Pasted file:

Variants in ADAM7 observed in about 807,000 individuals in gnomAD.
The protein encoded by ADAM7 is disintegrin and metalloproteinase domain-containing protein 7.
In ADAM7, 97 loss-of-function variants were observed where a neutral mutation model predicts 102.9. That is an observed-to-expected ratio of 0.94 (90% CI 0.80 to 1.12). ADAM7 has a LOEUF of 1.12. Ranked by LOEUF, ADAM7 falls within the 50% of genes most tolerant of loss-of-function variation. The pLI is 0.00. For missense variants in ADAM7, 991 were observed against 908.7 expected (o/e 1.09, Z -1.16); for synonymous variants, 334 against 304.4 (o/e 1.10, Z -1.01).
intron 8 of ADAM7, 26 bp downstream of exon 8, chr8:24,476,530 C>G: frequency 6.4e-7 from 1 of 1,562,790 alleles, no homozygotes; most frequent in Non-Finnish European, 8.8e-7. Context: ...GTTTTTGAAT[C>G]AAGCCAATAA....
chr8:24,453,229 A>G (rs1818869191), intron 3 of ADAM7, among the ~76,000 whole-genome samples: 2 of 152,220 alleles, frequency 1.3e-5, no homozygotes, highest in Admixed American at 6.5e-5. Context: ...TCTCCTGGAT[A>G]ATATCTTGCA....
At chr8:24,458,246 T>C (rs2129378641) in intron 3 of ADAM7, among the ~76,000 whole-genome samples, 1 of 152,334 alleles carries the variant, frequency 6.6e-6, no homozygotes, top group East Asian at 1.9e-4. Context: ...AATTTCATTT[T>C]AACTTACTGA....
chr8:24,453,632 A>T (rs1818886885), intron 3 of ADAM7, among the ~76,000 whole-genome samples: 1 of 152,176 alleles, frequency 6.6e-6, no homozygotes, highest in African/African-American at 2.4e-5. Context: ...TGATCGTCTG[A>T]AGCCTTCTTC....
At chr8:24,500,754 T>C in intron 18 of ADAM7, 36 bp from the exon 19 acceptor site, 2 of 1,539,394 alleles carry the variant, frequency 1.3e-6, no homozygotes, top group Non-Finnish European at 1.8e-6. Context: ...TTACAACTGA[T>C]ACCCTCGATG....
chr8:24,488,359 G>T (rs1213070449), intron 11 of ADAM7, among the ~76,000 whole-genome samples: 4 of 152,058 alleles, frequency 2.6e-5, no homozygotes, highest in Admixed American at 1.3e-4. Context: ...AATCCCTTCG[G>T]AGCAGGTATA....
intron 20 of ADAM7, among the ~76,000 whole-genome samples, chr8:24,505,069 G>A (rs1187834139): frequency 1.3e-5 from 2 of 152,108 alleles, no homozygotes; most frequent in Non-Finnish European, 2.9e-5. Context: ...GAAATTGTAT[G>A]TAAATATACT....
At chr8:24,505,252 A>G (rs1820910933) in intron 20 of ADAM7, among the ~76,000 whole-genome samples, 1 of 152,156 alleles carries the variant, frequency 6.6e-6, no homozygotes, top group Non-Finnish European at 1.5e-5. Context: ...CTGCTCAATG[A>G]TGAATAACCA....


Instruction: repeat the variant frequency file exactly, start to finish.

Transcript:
Variants in ADAM7 observed in about 807,000 individuals in gnomAD.
The protein encoded by ADAM7 is disintegrin and metalloproteinase domain-containing protein 7.
In ADAM7, 97 loss-of-function variants were observed where a neutral mutation model predicts 102.9. That is an observed-to-expected ratio of 0.94 (90% CI 0.80 to 1.12). ADAM7 has a LOEUF of 1.12. Ranked by LOEUF, ADAM7 falls within the 50% of genes most tolerant of loss-of-function variation. The pLI is 0.00. For missense variants in ADAM7, 991 were observed against 908.7 expected (o/e 1.09, Z -1.16); for synonymous variants, 334 against 304.4 (o/e 1.10, Z -1.01).
intron 8 of ADAM7, 26 bp downstream of exon 8, chr8:24,476,530 C>G: frequency 6.4e-7 from 1 of 1,562,790 alleles, no homozygotes; most frequent in Non-Finnish European, 8.8e-7. Context: ...GTTTTTGAAT[C>G]AAGCCAATAA....
chr8:24,453,229 A>G (rs1818869191), intron 3 of ADAM7, among the ~76,000 whole-genome samples: 2 of 152,220 alleles, frequency 1.3e-5, no homozygotes, highest in Admixed American at 6.5e-5. Context: ...TCTCCTGGAT[A>G]ATATCTTGCA....
At chr8:24,458,246 T>C (rs2129378641) in intron 3 of ADAM7, among the ~76,000 whole-genome samples, 1 of 152,334 alleles carries the variant, frequency 6.6e-6, no homozygotes, top group East Asian at 1.9e-4. Context: ...AATTTCATTT[T>C]AACTTACTGA....
chr8:24,453,632 A>T (rs1818886885), intron 3 of ADAM7, among the ~76,000 whole-genome samples: 1 of 152,176 alleles, frequency 6.6e-6, no homozygotes, highest in African/African-American at 2.4e-5. Context: ...TGATCGTCTG[A>T]AGCCTTCTTC....
At chr8:24,500,754 T>C in intron 18 of ADAM7, 36 bp from the exon 19 acceptor site, 2 of 1,539,394 alleles carry the variant, frequency 1.3e-6, no homozygotes, top group Non-Finnish European at 1.8e-6. Context: ...TTACAACTGA[T>C]ACCCTCGATG....
chr8:24,488,359 G>T (rs1213070449), intron 11 of ADAM7, among the ~76,000 whole-genome samples: 4 of 152,058 alleles, frequency 2.6e-5, no homozygotes, highest in Admixed American at 1.3e-4. Context: ...AATCCCTTCG[G>T]AGCAGGTATA....
intron 20 of ADAM7, among the ~76,000 whole-genome samples, chr8:24,505,069 G>A (rs1187834139): frequency 1.3e-5 from 2 of 152,108 alleles, no homozygotes; most frequent in Non-Finnish European, 2.9e-5. Context: ...GAAATTGTAT[G>A]TAAATATACT....
At chr8:24,505,252 A>G (rs1820910933) in intron 20 of ADAM7, among the ~76,000 whole-genome samples, 1 of 152,156 alleles carries the variant, frequency 6.6e-6, no homozygotes, top group Non-Finnish European at 1.5e-5. Context: ...CTGCTCAATG[A>G]TGAATAACCA....